The kicking wakes Nan-gil, who drags himself out of the car. He straightens Yeo-joo’s bent rear-view mirror with a goofy grin, and warns her not to get into an accident or Na-ri will blame herself. Okay, that’s kind of sweet.

Yeo-joo leaves in a huff, and Nan-gil finds Na-ri waiting for him and gives her a big bright smile. She tells him to come inside, and he cheerfully says, “Okay!” before tipping forward into her arms.


So many mysteries, I love it! Nan-gil is both great and terrible at keeping secrets, with his rule that he won’t answer a question if he has to lie. While he gives practically no information away, sometimes just his very silence is answer enough in itself. Na-ri is already figuring out to ask yes or no questions, and deduce the answer by whether or not Nan-gil responds (though, is anybody getting the sense that his “I need to knead dough” is a more honest answer than it seems? I can’t help but wonder if he’s giving her a clue). As a pretty straight-shooter, Na-ri doesn’t think deviously, but she’s being pretty clever about finding ways to counter Nan-gil’s refusal to tell her anything about her uncle or his own past. And I love how she just asks the questions she wants answers to, and lays it all out openly. Na-ri is no shy young drama heroine, scared to show her hand, and I can’t wait to see how that trait serves her when feelings start to get involved.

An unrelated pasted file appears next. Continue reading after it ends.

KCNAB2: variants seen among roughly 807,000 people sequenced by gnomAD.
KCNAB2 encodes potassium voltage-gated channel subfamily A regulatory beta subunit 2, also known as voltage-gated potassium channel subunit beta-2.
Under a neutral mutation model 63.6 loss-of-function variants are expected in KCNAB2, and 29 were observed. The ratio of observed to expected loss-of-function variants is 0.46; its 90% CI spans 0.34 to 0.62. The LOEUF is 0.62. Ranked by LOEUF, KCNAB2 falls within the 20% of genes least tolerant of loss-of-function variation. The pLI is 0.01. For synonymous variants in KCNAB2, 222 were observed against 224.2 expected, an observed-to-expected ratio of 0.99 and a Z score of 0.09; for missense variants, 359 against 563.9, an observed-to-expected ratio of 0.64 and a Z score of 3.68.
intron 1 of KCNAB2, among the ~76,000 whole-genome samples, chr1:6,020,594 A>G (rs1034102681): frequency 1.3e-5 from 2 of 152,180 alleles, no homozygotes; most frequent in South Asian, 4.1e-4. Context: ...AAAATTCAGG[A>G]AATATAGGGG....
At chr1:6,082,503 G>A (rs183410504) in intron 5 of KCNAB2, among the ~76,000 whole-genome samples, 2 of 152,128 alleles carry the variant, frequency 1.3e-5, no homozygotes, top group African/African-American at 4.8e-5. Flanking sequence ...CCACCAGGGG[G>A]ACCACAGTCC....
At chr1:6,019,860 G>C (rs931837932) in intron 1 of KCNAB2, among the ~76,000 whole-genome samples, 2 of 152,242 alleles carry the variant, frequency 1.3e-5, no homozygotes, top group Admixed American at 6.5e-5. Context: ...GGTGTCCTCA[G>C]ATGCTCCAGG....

In addition to it being a smart way for Na-ri to get roundabout answers, Nan-gil’s habit of not answering when Na-ri asks a question he can’t answer truthfully, has a way of making me as a viewer want to analyze every little thing he says. It’s fun, because so much of what he says and doesn’t say can be interpreted many different ways. Such as when Na-ri asked if her mother told him she didn’t have many friends, and he doesn’t answer. Is he just refusing to discuss his relationship with Mom anymore today like he said, or is he not answering because to say “yes” would be a lie? And if it’s a lie, then how did he know? Is he someone from Na-ri’s past that she doesn’t remember? Dream Nan-gil asking if his name sounds familiar seems to suggest that they have met before, and Na-ri just doesn’t remember yet. Which leads me to my next suspicion…